The life-long railwayman, who was one of the industry’s most highly-regarded figures, was put on “extended leave” early last month along with Anne-Marie Harmon, one of its executive group of senior managers.
Network Rail, which has a budget of almost £1 billion a year in Scotland, said she would be returning to work.
Mrs Harmon was promoted in 2012 from being [Scotland] route performance manager to change programme manager, which involves commercial activities such as preparations for the Commonwealth Games in Glasgow.
David Dickson, the firm’s area director for the west of Scotland, has been standing in for Mr Simpson as acting [Scotland] route managing director for the last month.
In a statement yesterday, Network Rail said: “David Simpson, route managing director for Scotland, has left Network Rail with immediate effect.
“David Dickson will continue as acting route managing director until a replacement is recruited.”
The company today refused to say why Mr Simpson had left.
A spokesman said: “We are not saying anything else. Anne-Marie is returning to work.”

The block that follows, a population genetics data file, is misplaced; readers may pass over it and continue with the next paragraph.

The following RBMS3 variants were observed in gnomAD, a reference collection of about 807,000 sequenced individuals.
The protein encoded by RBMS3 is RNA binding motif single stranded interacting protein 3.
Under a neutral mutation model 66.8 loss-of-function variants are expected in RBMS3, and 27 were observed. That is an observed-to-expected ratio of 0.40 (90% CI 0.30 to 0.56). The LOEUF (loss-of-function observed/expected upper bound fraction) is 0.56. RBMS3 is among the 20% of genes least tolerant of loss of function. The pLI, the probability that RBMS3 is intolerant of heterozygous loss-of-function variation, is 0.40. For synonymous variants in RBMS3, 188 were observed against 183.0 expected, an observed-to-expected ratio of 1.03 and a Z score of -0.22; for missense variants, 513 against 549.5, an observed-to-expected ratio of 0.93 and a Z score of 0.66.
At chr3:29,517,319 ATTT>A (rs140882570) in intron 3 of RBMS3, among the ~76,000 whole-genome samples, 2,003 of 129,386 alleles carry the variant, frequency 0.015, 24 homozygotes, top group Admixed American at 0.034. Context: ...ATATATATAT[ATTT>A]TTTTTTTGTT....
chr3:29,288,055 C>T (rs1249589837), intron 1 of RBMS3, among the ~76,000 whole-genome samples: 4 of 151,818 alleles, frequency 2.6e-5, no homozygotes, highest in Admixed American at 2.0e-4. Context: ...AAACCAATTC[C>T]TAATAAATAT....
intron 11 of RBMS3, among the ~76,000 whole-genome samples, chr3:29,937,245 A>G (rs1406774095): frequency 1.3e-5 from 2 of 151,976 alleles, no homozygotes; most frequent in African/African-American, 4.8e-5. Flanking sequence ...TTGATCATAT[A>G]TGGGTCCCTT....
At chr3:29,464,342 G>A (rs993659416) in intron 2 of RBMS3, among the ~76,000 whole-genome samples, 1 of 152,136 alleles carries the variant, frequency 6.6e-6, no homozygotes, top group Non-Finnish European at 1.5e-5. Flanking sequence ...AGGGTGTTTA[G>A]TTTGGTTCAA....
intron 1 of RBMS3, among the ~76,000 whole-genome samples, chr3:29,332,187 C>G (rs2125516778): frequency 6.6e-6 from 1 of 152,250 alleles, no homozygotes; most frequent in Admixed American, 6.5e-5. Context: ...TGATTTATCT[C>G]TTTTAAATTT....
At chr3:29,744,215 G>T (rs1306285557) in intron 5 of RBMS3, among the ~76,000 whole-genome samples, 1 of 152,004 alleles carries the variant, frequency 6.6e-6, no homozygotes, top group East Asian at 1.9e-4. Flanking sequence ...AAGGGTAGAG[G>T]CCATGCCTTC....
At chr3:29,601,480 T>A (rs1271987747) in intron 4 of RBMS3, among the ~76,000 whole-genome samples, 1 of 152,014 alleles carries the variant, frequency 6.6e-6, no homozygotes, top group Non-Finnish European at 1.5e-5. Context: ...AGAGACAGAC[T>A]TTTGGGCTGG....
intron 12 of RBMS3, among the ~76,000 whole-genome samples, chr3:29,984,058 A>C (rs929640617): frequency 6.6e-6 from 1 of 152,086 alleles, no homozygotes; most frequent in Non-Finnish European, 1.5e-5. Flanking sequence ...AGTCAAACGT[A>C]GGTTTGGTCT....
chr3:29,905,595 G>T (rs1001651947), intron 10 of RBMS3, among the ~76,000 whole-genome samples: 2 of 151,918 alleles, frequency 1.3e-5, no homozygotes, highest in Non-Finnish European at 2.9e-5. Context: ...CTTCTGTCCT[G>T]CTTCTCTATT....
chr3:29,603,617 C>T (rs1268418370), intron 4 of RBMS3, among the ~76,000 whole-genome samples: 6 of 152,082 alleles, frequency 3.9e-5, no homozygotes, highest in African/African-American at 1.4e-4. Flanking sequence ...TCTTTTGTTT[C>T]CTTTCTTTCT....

The Scotsman revealed last month that Mr Simpson was believed to have failed to follow proper procedures in appointing Anne-Marie Harmon to her current role.
Network Rail’s action against the pair is understand to have involved its London-based network operations managing director Robin Gisby – Mr Simpson’s boss – travelling to Glasgow in early December.
The company said at the time that the pair were on “extended leave because of personal circumstances”.
On the promotion of staff, it said: “We have procedures in place that have to be followed.”
Mr Simpson has been highly regarded since he took over running of Scotland’s rail network in 2005 in one of Network Rail’s first and most significant devolution of power from London.
One senior rail executive told The Scotsman last month: “I felt very, very saddened. It’s come as a real shock. He is very well thought-of politically.”
Mr Simpson, from Blantyre in South Lanarkshire, has worked on the railways since joining British Rail as a graduate trainee after leaving Aston University in Birmingham.
He has since worked for Network Rail’s predecessor, Railtrack, including on the upgrade of the Glasgow-London west coast main line and the introduction of Virgin Trains’ tilting Pendolino trains on the route.
Mrs Harmon, who lives in Lanarkshire, had been a performance manager at Network Rail since 2005 before being promoted in June 2012.